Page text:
Uterine polyps

Uterine polyps

The term ‘uterine polyps’ may not be very common, but many woman might be affected by uterine polyps for a long time without knowing

What are polyps?

A polyp is usually when a small part of the inner lining (mostly the mucous membrane) comes out from the surface in the body, formed by growth of tissue there.

A small piece of the inner lining coming out from the body’s surface. That’s a polyp—a growth of abnormal tissue.

What are Uterine Polyps?

Uterine polyps are abnormal growths attached to the inner wall of the uterus. They’re made up of cells from the inner lining of the uterus (endometrium). The size of the uterine polyps range in size from a few millimeters —as small as a sesame seed (til) — to several centimeters — golf ball-size or larger.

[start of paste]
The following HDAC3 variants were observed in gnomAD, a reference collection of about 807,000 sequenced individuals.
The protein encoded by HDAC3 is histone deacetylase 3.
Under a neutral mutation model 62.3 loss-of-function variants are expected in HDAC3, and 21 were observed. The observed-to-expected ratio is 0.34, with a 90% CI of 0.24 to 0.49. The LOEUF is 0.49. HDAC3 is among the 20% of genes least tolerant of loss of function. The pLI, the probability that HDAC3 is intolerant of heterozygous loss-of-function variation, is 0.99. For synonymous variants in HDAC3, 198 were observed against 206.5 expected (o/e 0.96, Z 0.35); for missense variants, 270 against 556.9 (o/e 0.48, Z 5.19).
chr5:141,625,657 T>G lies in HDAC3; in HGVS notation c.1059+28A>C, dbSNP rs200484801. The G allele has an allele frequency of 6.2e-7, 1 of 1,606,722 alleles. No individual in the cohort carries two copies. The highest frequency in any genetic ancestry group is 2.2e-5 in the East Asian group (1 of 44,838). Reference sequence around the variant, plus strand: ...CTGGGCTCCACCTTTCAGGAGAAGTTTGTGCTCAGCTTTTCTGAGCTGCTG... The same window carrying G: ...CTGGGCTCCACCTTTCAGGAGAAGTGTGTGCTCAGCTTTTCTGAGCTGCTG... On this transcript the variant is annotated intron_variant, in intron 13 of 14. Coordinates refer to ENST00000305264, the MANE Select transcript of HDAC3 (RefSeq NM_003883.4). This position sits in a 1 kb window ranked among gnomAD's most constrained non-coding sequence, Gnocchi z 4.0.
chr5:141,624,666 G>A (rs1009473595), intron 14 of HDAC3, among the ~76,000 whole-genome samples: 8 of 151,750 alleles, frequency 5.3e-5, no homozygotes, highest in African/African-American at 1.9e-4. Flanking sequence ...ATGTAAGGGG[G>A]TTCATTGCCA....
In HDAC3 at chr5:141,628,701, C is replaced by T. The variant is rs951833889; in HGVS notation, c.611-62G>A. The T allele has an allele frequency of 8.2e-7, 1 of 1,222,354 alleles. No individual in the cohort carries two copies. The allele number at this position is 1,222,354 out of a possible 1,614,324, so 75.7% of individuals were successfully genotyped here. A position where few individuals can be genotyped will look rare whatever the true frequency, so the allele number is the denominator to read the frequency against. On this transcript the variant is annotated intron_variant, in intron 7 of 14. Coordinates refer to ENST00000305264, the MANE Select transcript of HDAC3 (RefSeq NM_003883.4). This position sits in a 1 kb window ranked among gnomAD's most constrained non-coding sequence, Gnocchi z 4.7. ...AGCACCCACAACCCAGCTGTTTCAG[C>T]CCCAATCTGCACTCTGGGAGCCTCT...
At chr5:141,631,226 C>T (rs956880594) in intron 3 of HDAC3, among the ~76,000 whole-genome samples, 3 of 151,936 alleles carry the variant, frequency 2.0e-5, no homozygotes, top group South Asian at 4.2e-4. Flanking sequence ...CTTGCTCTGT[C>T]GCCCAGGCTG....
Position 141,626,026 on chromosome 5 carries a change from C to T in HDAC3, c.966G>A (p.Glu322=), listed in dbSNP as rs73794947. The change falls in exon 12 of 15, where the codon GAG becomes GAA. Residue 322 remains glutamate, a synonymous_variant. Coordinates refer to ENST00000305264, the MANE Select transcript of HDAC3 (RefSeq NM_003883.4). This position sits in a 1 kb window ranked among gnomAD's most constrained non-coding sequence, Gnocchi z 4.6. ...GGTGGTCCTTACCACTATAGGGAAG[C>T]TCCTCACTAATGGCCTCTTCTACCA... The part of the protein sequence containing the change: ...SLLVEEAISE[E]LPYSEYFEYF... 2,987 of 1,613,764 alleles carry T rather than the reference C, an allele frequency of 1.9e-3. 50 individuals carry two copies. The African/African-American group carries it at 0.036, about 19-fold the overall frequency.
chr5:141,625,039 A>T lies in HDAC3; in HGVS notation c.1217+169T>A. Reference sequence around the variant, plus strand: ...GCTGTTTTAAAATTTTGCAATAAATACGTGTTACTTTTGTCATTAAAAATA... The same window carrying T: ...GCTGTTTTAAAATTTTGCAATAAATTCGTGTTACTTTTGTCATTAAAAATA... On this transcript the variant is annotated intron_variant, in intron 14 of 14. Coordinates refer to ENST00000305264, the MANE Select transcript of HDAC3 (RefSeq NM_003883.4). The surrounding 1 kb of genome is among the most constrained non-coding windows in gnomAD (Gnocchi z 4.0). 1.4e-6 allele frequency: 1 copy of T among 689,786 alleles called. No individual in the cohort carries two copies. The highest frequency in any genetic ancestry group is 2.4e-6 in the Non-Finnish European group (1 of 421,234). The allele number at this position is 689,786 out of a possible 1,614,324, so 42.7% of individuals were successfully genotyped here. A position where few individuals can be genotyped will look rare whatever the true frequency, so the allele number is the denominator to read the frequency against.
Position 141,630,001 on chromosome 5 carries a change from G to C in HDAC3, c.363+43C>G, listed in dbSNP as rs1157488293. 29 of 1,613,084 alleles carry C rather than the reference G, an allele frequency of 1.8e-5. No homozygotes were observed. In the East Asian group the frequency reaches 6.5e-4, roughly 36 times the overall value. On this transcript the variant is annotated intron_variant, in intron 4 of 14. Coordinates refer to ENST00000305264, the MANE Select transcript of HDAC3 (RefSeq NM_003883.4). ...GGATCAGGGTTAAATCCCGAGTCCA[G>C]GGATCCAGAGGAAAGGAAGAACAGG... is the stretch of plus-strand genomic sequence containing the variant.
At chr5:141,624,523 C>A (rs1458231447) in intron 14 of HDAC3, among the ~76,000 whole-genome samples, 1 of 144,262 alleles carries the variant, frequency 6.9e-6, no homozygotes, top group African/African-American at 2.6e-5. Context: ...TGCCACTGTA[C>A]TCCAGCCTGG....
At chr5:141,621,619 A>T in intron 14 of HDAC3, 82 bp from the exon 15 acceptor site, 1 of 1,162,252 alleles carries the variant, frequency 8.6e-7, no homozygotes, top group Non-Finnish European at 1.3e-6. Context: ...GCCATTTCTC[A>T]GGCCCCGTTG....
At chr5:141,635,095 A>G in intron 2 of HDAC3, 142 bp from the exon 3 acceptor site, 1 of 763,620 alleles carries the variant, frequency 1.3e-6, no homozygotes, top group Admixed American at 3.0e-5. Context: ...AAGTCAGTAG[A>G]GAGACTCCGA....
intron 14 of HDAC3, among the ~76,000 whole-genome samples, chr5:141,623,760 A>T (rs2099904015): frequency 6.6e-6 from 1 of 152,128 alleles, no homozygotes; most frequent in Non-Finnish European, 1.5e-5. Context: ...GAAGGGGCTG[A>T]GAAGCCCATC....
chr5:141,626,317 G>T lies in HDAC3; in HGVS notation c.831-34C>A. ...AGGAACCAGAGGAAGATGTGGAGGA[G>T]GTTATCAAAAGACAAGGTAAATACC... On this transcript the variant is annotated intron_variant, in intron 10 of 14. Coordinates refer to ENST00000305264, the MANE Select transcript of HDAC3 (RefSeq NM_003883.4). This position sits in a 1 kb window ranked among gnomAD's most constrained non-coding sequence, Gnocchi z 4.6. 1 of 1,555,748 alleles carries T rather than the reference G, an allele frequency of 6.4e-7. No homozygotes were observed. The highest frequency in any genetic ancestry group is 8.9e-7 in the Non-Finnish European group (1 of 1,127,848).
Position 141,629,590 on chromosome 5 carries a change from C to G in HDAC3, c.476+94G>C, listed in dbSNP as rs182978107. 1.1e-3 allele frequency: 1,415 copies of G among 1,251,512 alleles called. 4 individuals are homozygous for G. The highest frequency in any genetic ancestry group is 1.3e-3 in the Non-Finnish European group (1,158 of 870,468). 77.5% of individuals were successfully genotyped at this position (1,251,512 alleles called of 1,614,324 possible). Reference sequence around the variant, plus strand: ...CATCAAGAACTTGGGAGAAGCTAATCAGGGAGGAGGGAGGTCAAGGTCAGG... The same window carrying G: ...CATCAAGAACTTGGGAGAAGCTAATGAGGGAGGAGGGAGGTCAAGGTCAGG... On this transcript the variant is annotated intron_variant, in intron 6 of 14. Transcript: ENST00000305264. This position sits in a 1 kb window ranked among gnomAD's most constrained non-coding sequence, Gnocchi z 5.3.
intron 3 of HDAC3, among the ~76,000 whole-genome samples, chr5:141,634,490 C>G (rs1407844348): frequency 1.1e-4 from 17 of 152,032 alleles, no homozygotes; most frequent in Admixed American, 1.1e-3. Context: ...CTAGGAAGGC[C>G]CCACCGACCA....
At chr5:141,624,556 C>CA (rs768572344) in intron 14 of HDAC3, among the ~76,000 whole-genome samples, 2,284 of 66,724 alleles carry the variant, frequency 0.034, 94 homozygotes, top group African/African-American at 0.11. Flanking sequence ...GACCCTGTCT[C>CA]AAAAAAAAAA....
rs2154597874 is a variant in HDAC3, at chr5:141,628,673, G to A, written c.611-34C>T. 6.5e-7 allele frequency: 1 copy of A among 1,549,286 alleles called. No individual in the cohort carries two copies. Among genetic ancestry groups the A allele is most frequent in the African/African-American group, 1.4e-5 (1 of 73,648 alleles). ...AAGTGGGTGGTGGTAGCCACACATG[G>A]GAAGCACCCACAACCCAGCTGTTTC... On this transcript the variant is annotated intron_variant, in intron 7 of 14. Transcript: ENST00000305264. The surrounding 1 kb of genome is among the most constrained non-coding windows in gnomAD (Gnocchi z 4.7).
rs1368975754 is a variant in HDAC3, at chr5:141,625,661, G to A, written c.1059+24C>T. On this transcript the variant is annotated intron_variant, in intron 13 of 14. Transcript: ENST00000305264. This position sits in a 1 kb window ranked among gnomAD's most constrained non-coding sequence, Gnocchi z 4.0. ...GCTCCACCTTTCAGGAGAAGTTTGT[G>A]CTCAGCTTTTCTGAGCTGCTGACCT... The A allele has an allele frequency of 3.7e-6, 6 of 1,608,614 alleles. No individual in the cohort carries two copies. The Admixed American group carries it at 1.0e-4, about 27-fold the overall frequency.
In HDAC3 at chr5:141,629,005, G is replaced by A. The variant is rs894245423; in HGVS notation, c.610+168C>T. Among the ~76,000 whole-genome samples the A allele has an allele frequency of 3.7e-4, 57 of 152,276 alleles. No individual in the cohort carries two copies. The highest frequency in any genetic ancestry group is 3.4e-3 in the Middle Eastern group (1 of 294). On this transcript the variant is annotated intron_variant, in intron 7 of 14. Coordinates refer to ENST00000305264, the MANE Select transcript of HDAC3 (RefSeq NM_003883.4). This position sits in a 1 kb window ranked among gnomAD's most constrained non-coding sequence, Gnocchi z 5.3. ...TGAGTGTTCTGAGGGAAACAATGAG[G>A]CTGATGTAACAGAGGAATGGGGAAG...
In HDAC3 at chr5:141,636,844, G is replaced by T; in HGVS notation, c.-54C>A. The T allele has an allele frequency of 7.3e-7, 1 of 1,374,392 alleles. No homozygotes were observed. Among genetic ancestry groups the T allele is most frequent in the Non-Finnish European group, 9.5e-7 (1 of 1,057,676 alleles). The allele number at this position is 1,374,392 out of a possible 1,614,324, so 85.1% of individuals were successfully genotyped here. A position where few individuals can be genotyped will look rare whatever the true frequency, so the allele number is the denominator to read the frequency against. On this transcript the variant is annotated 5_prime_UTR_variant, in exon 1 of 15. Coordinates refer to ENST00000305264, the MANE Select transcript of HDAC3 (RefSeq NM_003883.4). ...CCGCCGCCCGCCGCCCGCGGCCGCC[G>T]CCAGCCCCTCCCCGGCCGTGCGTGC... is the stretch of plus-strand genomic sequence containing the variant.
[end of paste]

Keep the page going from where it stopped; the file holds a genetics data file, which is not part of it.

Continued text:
Although uterine polyps may be diagnosed at all ages, most uterine polyp cases are found between the age of 40 to 49 years old. Sometimes, younger people can get them, too. Basically, uterine polyps are most common in people undergoing or undergone menopause.

Uterine polyps can be either one or many and they usually stay within the uterus. It can also happen that they can slip through the opening of the uterus (cervix) into the vagina.

Generally, polyps are noncancerous (benign). However, it’s essential to be cautious, as some can be cancerous or have the potential to turn into cancer (precancerous polyps) Some reasons that may increase the risk of developing cancerous polyps include –

  • Age greater than 60,
  • Large-sized polyps,
  • Menopause status,
  • Condition such as
    polycystic ovarian syndrome (PCOS) (a condition where multiple cysts develop in a reproductive organ known as ovary)